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    Quote Originally Posted by KMT View Post
    Those are two types...a third is known as a crimp lock, deformed to hold by grip alone, which is what you have. Where the two you mentioned are generally used to resist vibration and/or rely on clamping, a crimp lock is used where the manuf. is trying to save money on the assembly line and doesn't want to add a split-lock to the process. I try to avoid re-using them. New ones should be available at your local auto parts store, etc.

    BTW, I would not substitute crimp lock w/nylocs. Nor with the ones w/serrated base....they offer no help once they're backed off a bit and that's not something you want as part of your suspension Dilly, dilly.
    Okay, yeah I put the old ones on just because they were there already, but I might go out tomorrow and pick up a new pair of nylocs.

    I'm also beginning to think the mechanic who transferred the old shock to the spring and mount aligned it incorrectly. I tried both struts on the passenger side, and once I got the 3 studs in the holes in the engine bay, the holes on the bottom were lopsided with the control arm. They lined up vertically, but were lopsided horizontally. Needless to say I'm a bit ticked off; I was hoping to get this done by tomorrow (I actually have to go to the hospital on monday), but since the mechanic is closed tomorrow I guess it'll have to wait another week. Would there be a safe way for me to change the alignment of the strut mount/spring by myself?

  13. #73
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    Quote Originally Posted by Roboplex View Post
    I might go out tomorrow and pick up a new pair of nylocs.
    Pretty sure I just advised against that. I'd run the old crimp locks again before I'd substitute w/nylocs in this example.

    Would there be a safe way for me to change the alignment of the strut mount/spring by myself
    You paid to have it done right. Take it back. Unless you have the tools, etc. to do that job yourself, you'll have two reasons to visit the hospital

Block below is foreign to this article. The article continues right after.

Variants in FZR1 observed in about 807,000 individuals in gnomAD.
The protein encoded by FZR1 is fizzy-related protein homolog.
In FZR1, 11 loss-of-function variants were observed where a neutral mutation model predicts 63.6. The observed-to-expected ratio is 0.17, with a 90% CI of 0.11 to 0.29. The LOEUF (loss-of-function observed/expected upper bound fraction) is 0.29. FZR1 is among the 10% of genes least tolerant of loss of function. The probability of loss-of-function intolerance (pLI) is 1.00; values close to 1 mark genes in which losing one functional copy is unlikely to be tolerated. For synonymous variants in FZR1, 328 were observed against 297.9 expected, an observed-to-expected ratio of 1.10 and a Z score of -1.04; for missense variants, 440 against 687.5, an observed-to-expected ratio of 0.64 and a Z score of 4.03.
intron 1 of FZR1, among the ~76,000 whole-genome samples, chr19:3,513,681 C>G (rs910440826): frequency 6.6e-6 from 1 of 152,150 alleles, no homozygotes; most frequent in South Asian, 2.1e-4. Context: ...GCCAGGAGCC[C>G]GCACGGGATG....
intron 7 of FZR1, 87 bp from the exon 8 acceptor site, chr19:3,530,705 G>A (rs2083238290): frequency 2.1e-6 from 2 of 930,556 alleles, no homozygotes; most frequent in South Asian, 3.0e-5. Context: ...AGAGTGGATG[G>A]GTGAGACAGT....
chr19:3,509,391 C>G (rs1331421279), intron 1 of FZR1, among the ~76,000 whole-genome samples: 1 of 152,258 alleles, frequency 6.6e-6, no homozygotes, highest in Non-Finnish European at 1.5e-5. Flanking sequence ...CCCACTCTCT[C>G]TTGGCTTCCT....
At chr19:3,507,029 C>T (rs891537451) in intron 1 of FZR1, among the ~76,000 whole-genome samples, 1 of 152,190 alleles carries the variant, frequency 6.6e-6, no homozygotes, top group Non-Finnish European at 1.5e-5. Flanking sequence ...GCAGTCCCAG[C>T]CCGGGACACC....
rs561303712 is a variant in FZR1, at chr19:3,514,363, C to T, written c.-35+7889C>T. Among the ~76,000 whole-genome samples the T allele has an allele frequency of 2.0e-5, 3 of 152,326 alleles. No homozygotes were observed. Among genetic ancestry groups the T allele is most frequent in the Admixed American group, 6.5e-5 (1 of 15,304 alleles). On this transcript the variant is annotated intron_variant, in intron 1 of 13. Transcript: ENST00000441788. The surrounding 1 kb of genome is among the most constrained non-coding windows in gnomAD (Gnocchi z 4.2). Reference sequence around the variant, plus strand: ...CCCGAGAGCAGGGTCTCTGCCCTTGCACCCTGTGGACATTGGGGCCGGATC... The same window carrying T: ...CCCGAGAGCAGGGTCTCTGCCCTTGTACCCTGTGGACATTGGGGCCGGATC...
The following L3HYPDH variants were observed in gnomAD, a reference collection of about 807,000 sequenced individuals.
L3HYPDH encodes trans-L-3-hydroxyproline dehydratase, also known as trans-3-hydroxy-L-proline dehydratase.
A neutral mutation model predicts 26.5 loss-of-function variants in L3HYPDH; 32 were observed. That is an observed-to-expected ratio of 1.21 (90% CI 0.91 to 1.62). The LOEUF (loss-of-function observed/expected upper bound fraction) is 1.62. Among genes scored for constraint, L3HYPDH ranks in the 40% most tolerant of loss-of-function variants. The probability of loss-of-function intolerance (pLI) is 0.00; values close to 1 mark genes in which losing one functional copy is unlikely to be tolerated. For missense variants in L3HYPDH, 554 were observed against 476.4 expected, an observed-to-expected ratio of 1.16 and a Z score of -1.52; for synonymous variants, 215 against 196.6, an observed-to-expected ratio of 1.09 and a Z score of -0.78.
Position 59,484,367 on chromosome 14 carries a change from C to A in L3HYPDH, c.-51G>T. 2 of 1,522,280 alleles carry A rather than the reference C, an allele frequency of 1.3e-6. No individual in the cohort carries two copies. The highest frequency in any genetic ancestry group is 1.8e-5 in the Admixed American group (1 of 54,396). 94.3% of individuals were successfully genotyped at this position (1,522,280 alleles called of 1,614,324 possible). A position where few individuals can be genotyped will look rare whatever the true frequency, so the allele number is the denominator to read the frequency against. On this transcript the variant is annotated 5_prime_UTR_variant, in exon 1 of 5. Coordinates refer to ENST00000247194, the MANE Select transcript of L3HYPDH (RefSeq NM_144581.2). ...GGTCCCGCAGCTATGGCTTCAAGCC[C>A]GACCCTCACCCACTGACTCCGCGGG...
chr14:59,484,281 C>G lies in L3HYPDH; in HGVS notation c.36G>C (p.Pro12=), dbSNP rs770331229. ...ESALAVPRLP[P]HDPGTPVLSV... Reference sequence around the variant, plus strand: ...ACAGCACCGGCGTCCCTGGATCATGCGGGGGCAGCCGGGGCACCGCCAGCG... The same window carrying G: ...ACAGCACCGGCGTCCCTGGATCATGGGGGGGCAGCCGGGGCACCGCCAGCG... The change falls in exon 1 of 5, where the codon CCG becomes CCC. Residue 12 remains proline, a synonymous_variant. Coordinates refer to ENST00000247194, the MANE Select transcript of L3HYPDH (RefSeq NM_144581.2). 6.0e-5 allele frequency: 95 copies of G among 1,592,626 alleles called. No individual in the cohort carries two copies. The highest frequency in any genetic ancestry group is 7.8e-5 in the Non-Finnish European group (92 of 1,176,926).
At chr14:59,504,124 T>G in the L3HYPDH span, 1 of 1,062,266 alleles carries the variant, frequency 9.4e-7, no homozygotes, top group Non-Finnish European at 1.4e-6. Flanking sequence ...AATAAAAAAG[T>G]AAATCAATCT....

Last edited by KMT; 01-14-2018 at 12:23 AM.

  14. #74
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    Quote Originally Posted by KMT View Post
    Pretty sure I just advised against that. I'd run the old crimp locks again before I'd substitute w/nylocs in this example.
    Oh sorry, the original (old) nuts were actually nylocs, that's why I reused them instead of the new (different) crimp locks. The ones that came with the new LCAs were crimp locks.

  15. #75
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    Quote Originally Posted by KMT View Post
    You paid to have it done right. Take it back. Unless you have the tools, etc. to do that job yourself, you'll have two reasons to visit the hospital
    Yep that's a good point. I hope that the "good things come to those who wait" saying is actually true xD. At this point it'll be more than a week until I'll be able to touch it again (aside from tomorrow). Working on a car is probably not the best way to keep a central line sterile

    I'm trying to think of ways I might have screwed up, but honestly I can't think of anything. The LCA wouldn't have anything to do with the strut being misaligned, since it only moves up and down, not side to side. I can get the studs into the holes in the engine bay, but once I do the lower mount is crooked on the control arm. I tried both struts on the passenger side (haven't tried drivers side, but I'll try in the morning) and neither of them lined up. It only needs to be shifted <1in, and literally EVERYTHING else is done, that's the really annoying part xD.